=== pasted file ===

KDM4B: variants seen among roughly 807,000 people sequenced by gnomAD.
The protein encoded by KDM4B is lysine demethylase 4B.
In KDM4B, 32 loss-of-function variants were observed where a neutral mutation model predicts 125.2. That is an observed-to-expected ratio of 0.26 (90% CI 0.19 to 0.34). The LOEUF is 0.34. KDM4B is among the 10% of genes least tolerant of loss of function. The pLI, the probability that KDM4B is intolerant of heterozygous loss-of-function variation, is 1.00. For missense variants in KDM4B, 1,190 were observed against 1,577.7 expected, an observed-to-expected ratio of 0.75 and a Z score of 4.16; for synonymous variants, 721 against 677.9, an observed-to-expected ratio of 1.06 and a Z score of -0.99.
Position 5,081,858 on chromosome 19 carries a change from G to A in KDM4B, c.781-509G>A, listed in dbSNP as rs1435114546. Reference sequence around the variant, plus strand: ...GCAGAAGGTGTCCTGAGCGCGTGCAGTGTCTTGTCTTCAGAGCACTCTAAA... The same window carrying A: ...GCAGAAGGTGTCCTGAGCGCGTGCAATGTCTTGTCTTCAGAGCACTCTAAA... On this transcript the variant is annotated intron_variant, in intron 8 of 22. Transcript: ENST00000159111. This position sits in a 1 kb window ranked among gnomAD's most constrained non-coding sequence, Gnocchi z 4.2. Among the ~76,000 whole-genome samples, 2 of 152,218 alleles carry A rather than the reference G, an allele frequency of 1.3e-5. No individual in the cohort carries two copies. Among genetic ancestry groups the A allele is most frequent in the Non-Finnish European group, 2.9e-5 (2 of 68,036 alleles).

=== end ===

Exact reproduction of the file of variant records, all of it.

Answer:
KDM4B: variants seen among roughly 807,000 people sequenced by gnomAD.
The protein encoded by KDM4B is lysine demethylase 4B.
In KDM4B, 32 loss-of-function variants were observed where a neutral mutation model predicts 125.2. That is an observed-to-expected ratio of 0.26 (90% CI 0.19 to 0.34). The LOEUF is 0.34. KDM4B is among the 10% of genes least tolerant of loss of function. The pLI, the probability that KDM4B is intolerant of heterozygous loss-of-function variation, is 1.00. For missense variants in KDM4B, 1,190 were observed against 1,577.7 expected, an observed-to-expected ratio of 0.75 and a Z score of 4.16; for synonymous variants, 721 against 677.9, an observed-to-expected ratio of 1.06 and a Z score of -0.99.
Position 5,081,858 on chromosome 19 carries a change from G to A in KDM4B, c.781-509G>A, listed in dbSNP as rs1435114546. Reference sequence around the variant, plus strand: ...GCAGAAGGTGTCCTGAGCGCGTGCAGTGTCTTGTCTTCAGAGCACTCTAAA... The same window carrying A: ...GCAGAAGGTGTCCTGAGCGCGTGCAATGTCTTGTCTTCAGAGCACTCTAAA... On this transcript the variant is annotated intron_variant, in intron 8 of 22. Transcript: ENST00000159111. This position sits in a 1 kb window ranked among gnomAD's most constrained non-coding sequence, Gnocchi z 4.2. Among the ~76,000 whole-genome samples, 2 of 152,218 alleles carry A rather than the reference G, an allele frequency of 1.3e-5. No individual in the cohort carries two copies. Among genetic ancestry groups the A allele is most frequent in the Non-Finnish European group, 2.9e-5 (2 of 68,036 alleles).